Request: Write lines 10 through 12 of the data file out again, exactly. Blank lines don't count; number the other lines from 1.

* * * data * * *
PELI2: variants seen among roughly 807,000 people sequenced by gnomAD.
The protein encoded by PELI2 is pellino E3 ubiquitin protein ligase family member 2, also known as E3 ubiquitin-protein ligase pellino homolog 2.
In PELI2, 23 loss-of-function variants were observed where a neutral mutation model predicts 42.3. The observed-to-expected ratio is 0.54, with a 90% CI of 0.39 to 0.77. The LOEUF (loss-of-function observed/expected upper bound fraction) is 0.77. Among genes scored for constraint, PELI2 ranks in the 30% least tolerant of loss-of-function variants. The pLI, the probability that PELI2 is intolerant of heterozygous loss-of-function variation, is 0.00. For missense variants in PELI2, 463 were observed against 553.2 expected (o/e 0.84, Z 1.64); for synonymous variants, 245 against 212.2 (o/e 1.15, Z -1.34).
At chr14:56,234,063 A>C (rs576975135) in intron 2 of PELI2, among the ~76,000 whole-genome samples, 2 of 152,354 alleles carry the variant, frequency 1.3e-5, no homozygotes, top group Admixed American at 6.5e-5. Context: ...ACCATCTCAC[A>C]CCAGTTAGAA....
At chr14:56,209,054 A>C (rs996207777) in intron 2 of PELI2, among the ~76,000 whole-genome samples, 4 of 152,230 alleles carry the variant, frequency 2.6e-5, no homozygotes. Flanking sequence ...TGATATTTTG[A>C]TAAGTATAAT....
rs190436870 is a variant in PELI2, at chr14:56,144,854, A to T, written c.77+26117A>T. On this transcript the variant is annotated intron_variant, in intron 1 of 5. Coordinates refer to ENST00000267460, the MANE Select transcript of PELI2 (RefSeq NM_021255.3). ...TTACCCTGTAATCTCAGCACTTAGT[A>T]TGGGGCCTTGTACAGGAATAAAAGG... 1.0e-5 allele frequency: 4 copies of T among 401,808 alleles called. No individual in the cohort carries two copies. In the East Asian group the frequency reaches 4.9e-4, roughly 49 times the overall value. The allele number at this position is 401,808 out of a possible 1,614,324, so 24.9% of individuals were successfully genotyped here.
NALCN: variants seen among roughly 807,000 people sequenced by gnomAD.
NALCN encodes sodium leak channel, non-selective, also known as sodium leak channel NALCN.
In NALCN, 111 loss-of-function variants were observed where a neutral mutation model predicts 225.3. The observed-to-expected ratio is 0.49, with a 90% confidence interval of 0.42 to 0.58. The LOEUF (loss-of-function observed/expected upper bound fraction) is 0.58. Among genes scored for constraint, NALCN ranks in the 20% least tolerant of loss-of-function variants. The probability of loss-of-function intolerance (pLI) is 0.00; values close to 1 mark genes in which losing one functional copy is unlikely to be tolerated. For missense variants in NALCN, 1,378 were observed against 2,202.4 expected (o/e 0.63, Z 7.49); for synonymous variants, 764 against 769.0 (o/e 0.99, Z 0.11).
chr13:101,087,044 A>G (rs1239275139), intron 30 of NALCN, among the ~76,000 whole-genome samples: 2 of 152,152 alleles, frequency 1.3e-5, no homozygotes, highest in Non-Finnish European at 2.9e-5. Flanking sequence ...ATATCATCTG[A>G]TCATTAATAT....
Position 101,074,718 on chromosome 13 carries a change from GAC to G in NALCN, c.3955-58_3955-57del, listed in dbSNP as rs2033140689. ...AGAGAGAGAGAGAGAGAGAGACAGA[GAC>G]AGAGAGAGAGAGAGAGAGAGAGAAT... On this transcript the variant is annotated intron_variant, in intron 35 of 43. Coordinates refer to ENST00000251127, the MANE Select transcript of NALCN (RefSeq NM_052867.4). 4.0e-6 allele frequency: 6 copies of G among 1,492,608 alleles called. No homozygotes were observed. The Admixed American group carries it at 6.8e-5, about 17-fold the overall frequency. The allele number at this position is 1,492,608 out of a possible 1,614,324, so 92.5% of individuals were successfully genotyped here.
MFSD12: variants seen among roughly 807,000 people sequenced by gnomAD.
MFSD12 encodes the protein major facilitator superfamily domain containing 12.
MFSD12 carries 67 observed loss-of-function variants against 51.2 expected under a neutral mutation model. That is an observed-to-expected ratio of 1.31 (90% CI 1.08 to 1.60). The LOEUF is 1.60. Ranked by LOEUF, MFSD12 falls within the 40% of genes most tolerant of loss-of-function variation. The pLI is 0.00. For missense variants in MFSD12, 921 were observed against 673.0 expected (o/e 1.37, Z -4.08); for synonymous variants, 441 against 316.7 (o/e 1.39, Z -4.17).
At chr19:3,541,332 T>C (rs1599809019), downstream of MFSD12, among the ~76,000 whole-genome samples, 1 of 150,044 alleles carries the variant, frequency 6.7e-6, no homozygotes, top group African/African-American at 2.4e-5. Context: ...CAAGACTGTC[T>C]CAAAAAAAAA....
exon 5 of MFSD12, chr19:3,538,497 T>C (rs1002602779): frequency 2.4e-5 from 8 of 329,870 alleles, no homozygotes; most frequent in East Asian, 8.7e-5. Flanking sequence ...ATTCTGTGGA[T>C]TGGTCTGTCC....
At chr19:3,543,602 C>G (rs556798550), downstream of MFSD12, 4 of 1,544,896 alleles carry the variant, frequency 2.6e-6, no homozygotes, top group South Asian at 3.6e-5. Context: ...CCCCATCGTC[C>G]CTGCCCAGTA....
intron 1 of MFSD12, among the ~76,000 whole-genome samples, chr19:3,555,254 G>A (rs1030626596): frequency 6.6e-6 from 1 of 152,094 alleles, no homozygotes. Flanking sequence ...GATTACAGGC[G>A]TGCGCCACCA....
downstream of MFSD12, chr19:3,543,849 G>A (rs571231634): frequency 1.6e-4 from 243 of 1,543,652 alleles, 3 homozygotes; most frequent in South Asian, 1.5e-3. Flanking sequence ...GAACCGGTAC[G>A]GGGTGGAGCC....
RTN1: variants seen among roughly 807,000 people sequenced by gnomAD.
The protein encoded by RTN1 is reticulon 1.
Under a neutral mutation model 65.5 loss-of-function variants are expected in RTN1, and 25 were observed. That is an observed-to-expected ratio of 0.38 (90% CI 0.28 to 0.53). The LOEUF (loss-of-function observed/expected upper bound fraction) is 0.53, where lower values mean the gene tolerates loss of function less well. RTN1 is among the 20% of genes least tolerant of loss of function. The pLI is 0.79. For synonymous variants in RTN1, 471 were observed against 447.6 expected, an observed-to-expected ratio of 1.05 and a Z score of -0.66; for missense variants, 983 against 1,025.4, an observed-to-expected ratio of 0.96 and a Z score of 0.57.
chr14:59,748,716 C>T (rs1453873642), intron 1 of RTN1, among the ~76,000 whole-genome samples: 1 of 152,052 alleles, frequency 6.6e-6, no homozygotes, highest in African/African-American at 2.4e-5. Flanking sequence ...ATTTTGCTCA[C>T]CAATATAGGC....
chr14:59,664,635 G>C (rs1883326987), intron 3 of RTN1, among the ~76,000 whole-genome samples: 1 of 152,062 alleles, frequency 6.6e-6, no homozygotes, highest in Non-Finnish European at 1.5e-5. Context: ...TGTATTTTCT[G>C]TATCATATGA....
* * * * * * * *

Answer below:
chr13:101,087,044 A>G (rs1239275139), intron 30 of NALCN, among the ~76,000 whole-genome samples: 2 of 152,152 alleles, frequency 1.3e-5, no homozygotes, highest in Non-Finnish European at 2.9e-5. Flanking sequence ...ATATCATCTG[A>G]TCATTAATAT....
Position 101,074,718 on chromosome 13 carries a change from GAC to G in NALCN, c.3955-58_3955-57del, listed in dbSNP as rs2033140689. ...AGAGAGAGAGAGAGAGAGAGACAGA[GAC>G]AGAGAGAGAGAGAGAGAGAGAGAAT... On this transcript the variant is annotated intron_variant, in intron 35 of 43. Coordinates refer to ENST00000251127, the MANE Select transcript of NALCN (RefSeq NM_052867.4). 4.0e-6 allele frequency: 6 copies of G among 1,492,608 alleles called. No homozygotes were observed. The Admixed American group carries it at 6.8e-5, about 17-fold the overall frequency. The allele number at this position is 1,492,608 out of a possible 1,614,324, so 92.5% of individuals were successfully genotyped here.
MFSD12: variants seen among roughly 807,000 people sequenced by gnomAD.